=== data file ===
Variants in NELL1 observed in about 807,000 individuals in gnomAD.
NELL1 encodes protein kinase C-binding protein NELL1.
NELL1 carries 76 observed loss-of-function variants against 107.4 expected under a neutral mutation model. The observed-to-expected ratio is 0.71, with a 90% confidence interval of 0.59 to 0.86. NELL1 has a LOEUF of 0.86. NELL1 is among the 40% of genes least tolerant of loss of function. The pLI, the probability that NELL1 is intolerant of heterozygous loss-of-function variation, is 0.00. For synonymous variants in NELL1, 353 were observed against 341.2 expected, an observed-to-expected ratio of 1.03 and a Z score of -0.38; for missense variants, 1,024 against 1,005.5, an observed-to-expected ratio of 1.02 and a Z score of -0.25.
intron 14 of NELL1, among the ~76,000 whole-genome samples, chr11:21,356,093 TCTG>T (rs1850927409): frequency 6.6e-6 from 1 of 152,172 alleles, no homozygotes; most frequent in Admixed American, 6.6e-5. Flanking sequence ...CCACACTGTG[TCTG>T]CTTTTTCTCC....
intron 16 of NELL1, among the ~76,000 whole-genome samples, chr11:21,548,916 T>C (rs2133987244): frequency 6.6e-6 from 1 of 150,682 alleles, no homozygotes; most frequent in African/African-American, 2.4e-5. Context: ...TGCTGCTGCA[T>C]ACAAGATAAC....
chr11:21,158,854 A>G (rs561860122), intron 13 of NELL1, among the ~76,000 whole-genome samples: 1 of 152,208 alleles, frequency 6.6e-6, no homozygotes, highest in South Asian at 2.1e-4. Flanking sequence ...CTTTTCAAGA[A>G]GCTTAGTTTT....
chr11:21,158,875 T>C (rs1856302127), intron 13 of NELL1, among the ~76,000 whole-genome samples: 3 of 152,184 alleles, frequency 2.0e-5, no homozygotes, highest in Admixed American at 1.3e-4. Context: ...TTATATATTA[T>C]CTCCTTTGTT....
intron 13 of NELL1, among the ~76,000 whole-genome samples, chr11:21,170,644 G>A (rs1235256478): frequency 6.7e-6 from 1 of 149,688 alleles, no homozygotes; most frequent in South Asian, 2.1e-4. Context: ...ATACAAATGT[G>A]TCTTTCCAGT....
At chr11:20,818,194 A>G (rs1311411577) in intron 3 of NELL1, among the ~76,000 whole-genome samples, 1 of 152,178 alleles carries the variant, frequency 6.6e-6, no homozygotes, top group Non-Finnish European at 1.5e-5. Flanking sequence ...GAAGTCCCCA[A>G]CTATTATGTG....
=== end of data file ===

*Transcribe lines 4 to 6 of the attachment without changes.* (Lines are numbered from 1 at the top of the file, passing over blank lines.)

intron 14 of NELL1, among the ~76,000 whole-genome samples, chr11:21,356,093 TCTG>T (rs1850927409): frequency 6.6e-6 from 1 of 152,172 alleles, no homozygotes; most frequent in Admixed American, 6.6e-5. Flanking sequence ...CCACACTGTG[TCTG>T]CTTTTTCTCC....
intron 16 of NELL1, among the ~76,000 whole-genome samples, chr11:21,548,916 T>C (rs2133987244): frequency 6.6e-6 from 1 of 150,682 alleles, no homozygotes; most frequent in African/African-American, 2.4e-5. Context: ...TGCTGCTGCA[T>C]ACAAGATAAC....
chr11:21,158,854 A>G (rs561860122), intron 13 of NELL1, among the ~76,000 whole-genome samples: 1 of 152,208 alleles, frequency 6.6e-6, no homozygotes, highest in South Asian at 2.1e-4. Flanking sequence ...CTTTTCAAGA[A>G]GCTTAGTTTT....